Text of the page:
One of the biggest announcements Microsoft has had this year related to Microsoft Teams is the upcoming Microsoft Teams Connect, a.k.a. Shared Channels. Scheduled on the roadmap to be released during November 2021, this new capability will make it possible to work with people in and outside of your organization in a shared channel. The most exciting part is that externals do not have to switch tenants or be added with a guest account!
If you have customers, partners, or vendors you collaborate with primarily via a single channel in a guest Team and use chat & files, this is something to seriously look into as it’ll considerably streamline collaboration.
Shared Channels Will Revolutionize Collaboration in Microsoft Teams
Shared Channels simplify several complex scenarios by allowing you to create a shared space with a project or customer team for collaboration. Whereas previously you had to create multiple Teams and/or private channels to silo some information (especially if you had a complex Team/private channel structure) this shared approach should significantly streamline this process.
This feature, once it ships to everyone, will also make it unnecessary to create multiple teams with different members or new group chats to cope with specific needs. Instead, a shared channel can be used by inviting only specific people into it. I often get asked why you can’t add people to a private channel without inviting them to a Team first. With shared channels, it looks like it will be possible to invite people directly to – and those invited will not have access to other channels in the Team.
Once released, you can create a shared channel just as you would a standard or private channel. Note: Pictures about this functionality are from Microsoft public recordings.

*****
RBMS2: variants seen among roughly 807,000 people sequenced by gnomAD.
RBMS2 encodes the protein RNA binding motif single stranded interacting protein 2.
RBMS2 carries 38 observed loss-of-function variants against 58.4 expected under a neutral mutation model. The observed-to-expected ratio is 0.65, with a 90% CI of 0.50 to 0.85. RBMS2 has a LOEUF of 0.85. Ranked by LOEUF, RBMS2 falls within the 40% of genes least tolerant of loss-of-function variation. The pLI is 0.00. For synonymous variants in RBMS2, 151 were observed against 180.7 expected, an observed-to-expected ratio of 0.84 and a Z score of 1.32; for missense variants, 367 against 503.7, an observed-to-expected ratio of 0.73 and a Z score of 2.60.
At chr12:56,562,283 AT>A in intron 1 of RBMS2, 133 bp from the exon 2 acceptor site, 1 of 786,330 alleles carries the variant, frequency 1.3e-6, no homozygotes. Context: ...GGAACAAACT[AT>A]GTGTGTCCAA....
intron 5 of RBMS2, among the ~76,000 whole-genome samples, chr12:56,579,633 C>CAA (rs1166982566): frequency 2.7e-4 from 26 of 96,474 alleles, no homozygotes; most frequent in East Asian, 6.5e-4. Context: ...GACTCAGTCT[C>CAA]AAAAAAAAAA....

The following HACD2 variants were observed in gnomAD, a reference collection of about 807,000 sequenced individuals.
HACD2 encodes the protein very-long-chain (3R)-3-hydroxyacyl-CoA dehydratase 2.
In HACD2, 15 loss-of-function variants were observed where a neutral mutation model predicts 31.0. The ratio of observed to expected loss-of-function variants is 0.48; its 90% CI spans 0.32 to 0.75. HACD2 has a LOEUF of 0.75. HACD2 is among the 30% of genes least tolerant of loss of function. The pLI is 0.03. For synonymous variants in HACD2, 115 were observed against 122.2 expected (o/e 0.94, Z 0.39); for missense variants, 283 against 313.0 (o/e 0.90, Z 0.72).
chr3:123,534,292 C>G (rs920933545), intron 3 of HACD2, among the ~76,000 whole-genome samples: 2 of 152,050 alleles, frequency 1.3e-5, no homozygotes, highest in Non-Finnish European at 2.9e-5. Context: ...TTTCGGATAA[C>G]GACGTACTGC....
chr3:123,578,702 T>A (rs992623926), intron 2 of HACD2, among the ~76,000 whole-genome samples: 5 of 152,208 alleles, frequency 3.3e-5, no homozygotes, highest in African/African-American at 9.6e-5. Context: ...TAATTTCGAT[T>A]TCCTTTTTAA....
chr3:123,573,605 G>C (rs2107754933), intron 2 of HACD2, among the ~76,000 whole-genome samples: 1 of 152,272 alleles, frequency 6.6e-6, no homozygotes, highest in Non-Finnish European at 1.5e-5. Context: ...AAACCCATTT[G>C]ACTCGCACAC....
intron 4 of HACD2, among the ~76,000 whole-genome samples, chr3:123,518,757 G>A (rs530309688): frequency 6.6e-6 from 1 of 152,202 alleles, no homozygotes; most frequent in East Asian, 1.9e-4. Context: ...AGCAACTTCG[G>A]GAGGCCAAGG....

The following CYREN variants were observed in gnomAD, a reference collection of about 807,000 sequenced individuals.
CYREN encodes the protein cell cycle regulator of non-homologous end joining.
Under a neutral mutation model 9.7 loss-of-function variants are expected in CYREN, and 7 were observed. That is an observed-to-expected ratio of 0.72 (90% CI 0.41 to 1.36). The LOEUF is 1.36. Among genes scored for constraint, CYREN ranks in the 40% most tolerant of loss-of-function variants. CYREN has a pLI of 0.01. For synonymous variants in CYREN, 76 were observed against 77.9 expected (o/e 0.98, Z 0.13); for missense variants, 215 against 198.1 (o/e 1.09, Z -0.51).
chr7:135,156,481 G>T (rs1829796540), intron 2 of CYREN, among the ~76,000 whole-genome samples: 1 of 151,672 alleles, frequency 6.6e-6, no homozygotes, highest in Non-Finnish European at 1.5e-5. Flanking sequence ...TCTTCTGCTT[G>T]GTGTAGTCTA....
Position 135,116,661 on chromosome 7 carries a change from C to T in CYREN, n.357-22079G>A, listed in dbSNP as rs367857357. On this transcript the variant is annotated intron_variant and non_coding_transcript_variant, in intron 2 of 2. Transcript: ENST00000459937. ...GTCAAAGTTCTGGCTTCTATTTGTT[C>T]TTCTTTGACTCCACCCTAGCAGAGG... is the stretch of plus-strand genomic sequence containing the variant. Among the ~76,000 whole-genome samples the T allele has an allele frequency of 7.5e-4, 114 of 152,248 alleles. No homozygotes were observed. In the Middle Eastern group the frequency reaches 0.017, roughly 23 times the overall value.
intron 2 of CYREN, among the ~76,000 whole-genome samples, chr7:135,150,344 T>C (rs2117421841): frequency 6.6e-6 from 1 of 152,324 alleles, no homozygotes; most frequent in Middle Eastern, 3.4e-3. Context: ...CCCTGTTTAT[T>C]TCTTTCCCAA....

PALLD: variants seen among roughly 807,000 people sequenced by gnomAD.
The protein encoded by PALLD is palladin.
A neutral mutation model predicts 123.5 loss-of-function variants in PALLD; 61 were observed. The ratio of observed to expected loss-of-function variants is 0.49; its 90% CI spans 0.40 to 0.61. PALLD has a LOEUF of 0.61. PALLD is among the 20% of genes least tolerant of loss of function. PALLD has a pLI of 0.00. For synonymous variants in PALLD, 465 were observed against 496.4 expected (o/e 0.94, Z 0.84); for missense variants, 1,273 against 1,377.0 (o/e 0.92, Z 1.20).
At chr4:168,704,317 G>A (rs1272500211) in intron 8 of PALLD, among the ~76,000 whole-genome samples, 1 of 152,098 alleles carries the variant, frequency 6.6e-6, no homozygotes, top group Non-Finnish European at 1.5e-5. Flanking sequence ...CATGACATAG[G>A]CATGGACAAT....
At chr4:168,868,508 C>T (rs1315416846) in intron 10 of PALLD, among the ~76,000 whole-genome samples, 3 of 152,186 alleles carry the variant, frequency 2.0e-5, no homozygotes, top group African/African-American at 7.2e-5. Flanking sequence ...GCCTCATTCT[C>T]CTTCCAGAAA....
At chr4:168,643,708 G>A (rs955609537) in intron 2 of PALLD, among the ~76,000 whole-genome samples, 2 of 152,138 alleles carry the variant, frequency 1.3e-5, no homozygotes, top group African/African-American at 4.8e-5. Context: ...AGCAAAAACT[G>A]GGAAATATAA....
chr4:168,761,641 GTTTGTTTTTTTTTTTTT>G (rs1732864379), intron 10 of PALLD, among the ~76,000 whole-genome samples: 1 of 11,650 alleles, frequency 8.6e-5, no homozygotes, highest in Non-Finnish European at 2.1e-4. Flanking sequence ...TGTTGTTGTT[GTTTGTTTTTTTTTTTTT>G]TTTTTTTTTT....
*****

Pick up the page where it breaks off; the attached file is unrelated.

You can then add people to it using their own identities!
If you are a member of a Team that has shared channels – and you are a member of that shared channel – you will see them with a linked icon next to their name in the Team/channel list.
When you are invited to a shared channel you will see it in your home tenant. This means that you do not have to switch tenants when you want to chat and work with files there. Notifications will also pop right in your home tenant, which makes it easy to participate in conversation and co-author files.
Shared Channels function somewhat like private channels (you invite select people) but they offer more flexibility by allowing you to add people outside of the Team to it – and those people do not even have to be part of your tenant!
While the big advantage comes from making it easy to work with people from other tenants, there are also plenty of Shared Channel use cases within the same company, like allowing people to access and collaborate on a channel together without having to have access to the rest of a Team. This means there will be less of a need to create extra Teams to cover specific use cases, and it allows Teams for HR and IT to have a public channel where they communicate with others.
Do you want to learn more about Shared Channels? You should check out the Teams Nation Community Conference on May 12th, 2021. There’s a session titled “Shared Channels: Seamless collaboration without borders” by Pouneh Kaufman, Principal Program Manager leading productivity solutions at Microsoft. Join her session in the room Adoption & Governance at 6pm CEST. Learn more about the conference on the Teams Nation website and register to get the event put on your calendar!